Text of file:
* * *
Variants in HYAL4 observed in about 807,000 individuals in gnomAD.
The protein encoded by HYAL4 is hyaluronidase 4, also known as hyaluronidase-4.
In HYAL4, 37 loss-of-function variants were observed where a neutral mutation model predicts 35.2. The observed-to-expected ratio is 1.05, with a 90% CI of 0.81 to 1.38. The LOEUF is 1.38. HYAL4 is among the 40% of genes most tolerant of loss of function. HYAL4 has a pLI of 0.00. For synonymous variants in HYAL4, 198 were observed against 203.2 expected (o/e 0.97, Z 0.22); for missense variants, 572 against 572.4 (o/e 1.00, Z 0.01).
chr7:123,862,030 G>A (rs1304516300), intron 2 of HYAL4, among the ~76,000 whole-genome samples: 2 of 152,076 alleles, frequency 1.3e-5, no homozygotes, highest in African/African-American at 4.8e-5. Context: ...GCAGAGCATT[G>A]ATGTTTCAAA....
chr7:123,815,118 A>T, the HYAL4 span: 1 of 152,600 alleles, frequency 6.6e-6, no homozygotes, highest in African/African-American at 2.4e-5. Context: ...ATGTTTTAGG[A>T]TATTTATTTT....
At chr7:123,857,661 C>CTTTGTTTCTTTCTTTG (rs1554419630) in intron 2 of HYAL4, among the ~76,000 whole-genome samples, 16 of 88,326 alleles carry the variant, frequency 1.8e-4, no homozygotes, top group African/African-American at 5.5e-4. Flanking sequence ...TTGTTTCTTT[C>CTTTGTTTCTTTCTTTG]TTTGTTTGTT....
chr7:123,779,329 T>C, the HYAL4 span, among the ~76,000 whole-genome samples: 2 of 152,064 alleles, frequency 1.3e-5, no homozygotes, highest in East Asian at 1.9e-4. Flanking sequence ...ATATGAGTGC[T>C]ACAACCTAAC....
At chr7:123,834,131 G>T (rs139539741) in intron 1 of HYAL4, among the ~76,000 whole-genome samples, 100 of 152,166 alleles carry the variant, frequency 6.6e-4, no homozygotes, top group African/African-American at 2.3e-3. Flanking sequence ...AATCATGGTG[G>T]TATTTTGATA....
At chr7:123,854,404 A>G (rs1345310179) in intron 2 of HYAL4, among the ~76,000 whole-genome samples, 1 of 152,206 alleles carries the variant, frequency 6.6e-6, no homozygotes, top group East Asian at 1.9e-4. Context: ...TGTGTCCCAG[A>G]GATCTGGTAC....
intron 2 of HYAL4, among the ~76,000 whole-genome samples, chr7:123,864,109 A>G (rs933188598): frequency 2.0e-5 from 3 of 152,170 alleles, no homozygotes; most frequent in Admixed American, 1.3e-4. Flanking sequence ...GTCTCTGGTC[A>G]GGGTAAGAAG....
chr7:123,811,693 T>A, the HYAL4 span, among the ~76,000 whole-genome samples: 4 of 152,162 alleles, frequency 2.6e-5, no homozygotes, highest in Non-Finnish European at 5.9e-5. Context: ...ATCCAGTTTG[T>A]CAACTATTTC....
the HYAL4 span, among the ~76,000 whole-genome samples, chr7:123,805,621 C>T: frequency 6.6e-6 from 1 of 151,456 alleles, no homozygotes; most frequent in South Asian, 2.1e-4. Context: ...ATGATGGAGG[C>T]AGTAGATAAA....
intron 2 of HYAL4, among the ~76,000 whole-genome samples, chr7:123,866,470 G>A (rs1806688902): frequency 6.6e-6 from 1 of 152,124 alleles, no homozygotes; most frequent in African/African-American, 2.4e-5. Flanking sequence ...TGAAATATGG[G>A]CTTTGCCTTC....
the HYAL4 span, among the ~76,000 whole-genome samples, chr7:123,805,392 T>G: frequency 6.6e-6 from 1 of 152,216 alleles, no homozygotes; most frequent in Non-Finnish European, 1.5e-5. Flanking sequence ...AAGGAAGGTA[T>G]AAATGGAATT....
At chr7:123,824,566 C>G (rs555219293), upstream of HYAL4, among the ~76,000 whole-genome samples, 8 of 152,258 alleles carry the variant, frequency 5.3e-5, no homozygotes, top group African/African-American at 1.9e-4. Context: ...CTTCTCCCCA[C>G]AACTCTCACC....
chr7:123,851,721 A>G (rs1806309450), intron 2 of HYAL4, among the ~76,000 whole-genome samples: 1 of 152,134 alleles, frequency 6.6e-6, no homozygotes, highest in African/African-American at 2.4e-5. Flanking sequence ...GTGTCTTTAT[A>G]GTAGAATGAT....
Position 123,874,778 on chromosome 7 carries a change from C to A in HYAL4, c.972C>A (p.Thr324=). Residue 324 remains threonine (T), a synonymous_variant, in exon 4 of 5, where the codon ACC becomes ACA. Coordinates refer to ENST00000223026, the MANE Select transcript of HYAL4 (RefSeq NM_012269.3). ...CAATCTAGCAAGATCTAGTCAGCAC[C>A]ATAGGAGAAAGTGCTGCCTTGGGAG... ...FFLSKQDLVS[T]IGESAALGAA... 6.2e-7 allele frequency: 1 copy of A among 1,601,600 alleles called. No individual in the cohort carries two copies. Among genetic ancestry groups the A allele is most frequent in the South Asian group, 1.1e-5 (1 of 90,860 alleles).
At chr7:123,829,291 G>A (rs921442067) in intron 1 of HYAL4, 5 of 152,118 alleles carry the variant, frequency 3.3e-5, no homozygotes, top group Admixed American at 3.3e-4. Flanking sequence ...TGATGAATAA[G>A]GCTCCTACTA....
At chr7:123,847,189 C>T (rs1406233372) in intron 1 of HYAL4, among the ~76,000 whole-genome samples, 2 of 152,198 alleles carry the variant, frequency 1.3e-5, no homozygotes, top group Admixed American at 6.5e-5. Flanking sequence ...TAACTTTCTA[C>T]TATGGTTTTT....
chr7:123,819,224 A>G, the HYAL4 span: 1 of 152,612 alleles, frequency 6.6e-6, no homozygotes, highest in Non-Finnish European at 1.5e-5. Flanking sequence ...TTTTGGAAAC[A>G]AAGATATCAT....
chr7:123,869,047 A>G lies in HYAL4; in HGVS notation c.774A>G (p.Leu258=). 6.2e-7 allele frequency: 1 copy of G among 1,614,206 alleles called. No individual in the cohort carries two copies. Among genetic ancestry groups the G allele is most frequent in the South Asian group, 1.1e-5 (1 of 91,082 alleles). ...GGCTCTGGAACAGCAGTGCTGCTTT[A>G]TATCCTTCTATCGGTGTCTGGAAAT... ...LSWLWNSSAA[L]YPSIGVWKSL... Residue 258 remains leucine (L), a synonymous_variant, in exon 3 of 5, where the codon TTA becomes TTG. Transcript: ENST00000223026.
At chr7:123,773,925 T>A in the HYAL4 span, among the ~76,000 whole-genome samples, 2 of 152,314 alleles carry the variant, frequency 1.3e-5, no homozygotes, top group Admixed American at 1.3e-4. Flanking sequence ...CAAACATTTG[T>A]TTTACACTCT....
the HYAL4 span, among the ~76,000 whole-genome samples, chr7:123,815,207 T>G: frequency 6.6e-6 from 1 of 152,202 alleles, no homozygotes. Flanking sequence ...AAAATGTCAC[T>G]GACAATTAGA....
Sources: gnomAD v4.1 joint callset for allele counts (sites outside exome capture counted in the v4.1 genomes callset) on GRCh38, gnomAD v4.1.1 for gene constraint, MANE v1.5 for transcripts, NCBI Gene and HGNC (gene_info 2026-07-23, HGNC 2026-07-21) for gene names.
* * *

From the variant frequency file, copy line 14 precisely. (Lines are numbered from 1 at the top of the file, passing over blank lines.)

the HYAL4 span, among the ~76,000 whole-genome samples, chr7:123,805,392 T>G: frequency 6.6e-6 from 1 of 152,216 alleles, no homozygotes; most frequent in Non-Finnish European, 1.5e-5. Flanking sequence ...AAGGAAGGTA[T>G]AAATGGAATT....